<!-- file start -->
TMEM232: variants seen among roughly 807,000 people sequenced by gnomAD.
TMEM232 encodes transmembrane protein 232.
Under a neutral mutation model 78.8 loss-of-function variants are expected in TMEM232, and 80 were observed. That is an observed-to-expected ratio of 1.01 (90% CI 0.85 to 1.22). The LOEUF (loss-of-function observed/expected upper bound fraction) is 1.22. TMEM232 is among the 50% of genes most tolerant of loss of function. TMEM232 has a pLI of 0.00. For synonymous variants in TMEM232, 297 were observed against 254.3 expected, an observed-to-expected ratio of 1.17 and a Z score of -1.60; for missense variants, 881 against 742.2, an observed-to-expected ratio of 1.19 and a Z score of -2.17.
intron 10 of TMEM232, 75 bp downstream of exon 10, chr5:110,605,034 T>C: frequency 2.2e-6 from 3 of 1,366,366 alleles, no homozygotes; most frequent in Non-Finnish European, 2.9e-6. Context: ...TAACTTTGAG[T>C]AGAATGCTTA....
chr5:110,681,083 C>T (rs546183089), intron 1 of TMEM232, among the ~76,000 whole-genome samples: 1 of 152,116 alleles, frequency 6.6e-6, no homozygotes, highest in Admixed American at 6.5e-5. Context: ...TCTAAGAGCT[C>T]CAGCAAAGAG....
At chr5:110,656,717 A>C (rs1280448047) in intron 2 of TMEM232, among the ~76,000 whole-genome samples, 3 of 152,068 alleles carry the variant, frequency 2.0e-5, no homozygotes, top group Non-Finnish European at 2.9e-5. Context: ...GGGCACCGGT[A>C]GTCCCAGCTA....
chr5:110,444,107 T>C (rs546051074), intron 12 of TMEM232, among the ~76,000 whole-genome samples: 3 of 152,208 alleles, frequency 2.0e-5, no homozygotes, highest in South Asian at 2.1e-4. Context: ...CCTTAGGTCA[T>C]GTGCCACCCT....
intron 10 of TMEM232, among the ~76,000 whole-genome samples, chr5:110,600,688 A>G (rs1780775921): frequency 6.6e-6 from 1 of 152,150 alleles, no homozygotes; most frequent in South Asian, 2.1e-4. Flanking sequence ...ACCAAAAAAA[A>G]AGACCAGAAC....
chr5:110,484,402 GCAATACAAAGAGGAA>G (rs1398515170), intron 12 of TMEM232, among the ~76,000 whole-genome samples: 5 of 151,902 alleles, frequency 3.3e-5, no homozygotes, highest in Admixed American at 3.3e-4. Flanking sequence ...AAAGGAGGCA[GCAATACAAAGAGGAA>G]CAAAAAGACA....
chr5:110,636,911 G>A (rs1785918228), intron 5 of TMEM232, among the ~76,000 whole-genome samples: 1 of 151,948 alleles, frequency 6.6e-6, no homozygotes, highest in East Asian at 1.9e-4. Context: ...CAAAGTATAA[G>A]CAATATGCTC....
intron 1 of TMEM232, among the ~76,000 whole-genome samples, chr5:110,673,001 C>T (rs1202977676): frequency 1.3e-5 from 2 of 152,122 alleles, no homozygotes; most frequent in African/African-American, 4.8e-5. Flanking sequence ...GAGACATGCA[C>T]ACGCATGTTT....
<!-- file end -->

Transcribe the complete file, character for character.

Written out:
TMEM232: variants seen among roughly 807,000 people sequenced by gnomAD.
TMEM232 encodes transmembrane protein 232.
Under a neutral mutation model 78.8 loss-of-function variants are expected in TMEM232, and 80 were observed. That is an observed-to-expected ratio of 1.01 (90% CI 0.85 to 1.22). The LOEUF (loss-of-function observed/expected upper bound fraction) is 1.22. TMEM232 is among the 50% of genes most tolerant of loss of function. TMEM232 has a pLI of 0.00. For synonymous variants in TMEM232, 297 were observed against 254.3 expected, an observed-to-expected ratio of 1.17 and a Z score of -1.60; for missense variants, 881 against 742.2, an observed-to-expected ratio of 1.19 and a Z score of -2.17.
intron 10 of TMEM232, 75 bp downstream of exon 10, chr5:110,605,034 T>C: frequency 2.2e-6 from 3 of 1,366,366 alleles, no homozygotes; most frequent in Non-Finnish European, 2.9e-6. Context: ...TAACTTTGAG[T>C]AGAATGCTTA....
chr5:110,681,083 C>T (rs546183089), intron 1 of TMEM232, among the ~76,000 whole-genome samples: 1 of 152,116 alleles, frequency 6.6e-6, no homozygotes, highest in Admixed American at 6.5e-5. Context: ...TCTAAGAGCT[C>T]CAGCAAAGAG....
At chr5:110,656,717 A>C (rs1280448047) in intron 2 of TMEM232, among the ~76,000 whole-genome samples, 3 of 152,068 alleles carry the variant, frequency 2.0e-5, no homozygotes, top group Non-Finnish European at 2.9e-5. Context: ...GGGCACCGGT[A>C]GTCCCAGCTA....
chr5:110,444,107 T>C (rs546051074), intron 12 of TMEM232, among the ~76,000 whole-genome samples: 3 of 152,208 alleles, frequency 2.0e-5, no homozygotes, highest in South Asian at 2.1e-4. Context: ...CCTTAGGTCA[T>C]GTGCCACCCT....
intron 10 of TMEM232, among the ~76,000 whole-genome samples, chr5:110,600,688 A>G (rs1780775921): frequency 6.6e-6 from 1 of 152,150 alleles, no homozygotes; most frequent in South Asian, 2.1e-4. Flanking sequence ...ACCAAAAAAA[A>G]AGACCAGAAC....
chr5:110,484,402 GCAATACAAAGAGGAA>G (rs1398515170), intron 12 of TMEM232, among the ~76,000 whole-genome samples: 5 of 151,902 alleles, frequency 3.3e-5, no homozygotes, highest in Admixed American at 3.3e-4. Flanking sequence ...AAAGGAGGCA[GCAATACAAAGAGGAA>G]CAAAAAGACA....
chr5:110,636,911 G>A (rs1785918228), intron 5 of TMEM232, among the ~76,000 whole-genome samples: 1 of 151,948 alleles, frequency 6.6e-6, no homozygotes, highest in East Asian at 1.9e-4. Context: ...CAAAGTATAA[G>A]CAATATGCTC....
intron 1 of TMEM232, among the ~76,000 whole-genome samples, chr5:110,673,001 C>T (rs1202977676): frequency 1.3e-5 from 2 of 152,122 alleles, no homozygotes; most frequent in African/African-American, 4.8e-5. Flanking sequence ...GAGACATGCA[C>T]ACGCATGTTT....